A corner table in a Broadway restaurant, at evening. Between the man and woman who have just taken seats is a bouquet of red roses.
No, I don’t want any oysters or clams. I ate enough sea food in Atlantic City to last a season. I want some—Oh, what gorgeous flowers! Umm! I love the smell of roses! Especially out of season. Why, the other tables haven’t any! Fred, did you—?
Sure I did, Marian. I knew you’d like ’em.
I do. But you mustn’t be a silly boy any longer, Fred!
I will, too. It isn’t silly, to give you flowers.
That’s all right, Fred. Goodness knows I like the flowers. But I’m not a young idiot who expects her honeymoon to last forever. I’ve had one experience, you know.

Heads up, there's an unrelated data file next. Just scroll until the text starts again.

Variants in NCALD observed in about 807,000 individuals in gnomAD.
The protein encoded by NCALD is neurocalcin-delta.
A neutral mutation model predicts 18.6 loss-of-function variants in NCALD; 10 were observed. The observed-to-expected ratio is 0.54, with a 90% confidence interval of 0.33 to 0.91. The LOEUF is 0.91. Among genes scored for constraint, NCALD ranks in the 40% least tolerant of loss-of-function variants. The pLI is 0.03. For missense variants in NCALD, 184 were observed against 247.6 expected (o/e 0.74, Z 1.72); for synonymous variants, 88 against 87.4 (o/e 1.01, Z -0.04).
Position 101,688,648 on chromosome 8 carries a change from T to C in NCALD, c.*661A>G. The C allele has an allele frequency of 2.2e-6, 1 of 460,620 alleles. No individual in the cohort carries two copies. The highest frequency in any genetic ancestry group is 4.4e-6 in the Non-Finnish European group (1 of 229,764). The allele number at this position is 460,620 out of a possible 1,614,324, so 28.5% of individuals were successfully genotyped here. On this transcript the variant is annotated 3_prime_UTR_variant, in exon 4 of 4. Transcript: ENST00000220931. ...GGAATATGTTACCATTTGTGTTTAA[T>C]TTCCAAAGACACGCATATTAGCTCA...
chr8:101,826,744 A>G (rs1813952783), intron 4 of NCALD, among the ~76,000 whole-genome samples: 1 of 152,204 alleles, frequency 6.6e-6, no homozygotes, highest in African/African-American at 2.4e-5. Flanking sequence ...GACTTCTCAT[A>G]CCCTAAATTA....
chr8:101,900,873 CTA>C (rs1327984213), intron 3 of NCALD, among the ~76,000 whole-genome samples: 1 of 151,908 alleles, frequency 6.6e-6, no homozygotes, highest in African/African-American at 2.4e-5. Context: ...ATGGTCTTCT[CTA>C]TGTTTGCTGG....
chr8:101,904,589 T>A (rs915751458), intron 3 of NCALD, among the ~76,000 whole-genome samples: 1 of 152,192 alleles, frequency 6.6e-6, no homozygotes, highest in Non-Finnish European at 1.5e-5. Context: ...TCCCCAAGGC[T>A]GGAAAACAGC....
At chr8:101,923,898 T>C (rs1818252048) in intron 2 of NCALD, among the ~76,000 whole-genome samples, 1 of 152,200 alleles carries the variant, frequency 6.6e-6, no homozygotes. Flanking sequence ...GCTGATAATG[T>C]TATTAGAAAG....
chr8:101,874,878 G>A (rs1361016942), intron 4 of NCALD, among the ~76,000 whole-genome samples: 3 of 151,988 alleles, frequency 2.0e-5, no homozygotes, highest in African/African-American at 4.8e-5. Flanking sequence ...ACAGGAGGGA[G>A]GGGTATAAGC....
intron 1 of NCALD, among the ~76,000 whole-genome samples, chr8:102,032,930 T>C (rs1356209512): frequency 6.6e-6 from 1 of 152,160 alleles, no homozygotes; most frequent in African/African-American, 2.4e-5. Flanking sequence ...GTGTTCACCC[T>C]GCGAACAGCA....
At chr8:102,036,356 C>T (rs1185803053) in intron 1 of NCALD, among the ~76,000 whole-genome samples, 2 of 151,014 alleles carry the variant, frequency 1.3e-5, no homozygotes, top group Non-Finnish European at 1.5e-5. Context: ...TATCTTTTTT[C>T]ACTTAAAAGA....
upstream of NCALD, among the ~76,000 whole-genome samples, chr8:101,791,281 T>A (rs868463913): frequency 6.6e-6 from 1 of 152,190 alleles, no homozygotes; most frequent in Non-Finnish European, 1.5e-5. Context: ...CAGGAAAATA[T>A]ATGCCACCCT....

Yes, but you mustn’t judge all men by him.
I don’t. I knew well enough you’re different, or I’d never have married you. But at the same time—
Well, I’m going to show you that a real man don’t get over the fun of being married to a peach like you in just two weeks. You don’t want me to, do you?
Course not, Fred! Didn’t I say you were different? But I don’t want you to set a pace you can’t keep up. You’d hate me in no time if I did.
I couldn’t hate you, girlie! Besides, isn’t this our first night back in the old town? We shan’t be having dinner out like this every day.
Well, only I don’t want to have you flop all of a sudden, like he did. What’ll you have, a cocktail?
Let’s see.... What’s the matter, Marian?
Sh! Don’t turn round!
Good Lord! Well, don’t mind him. He hasn’t got anything on you now. You’re mine.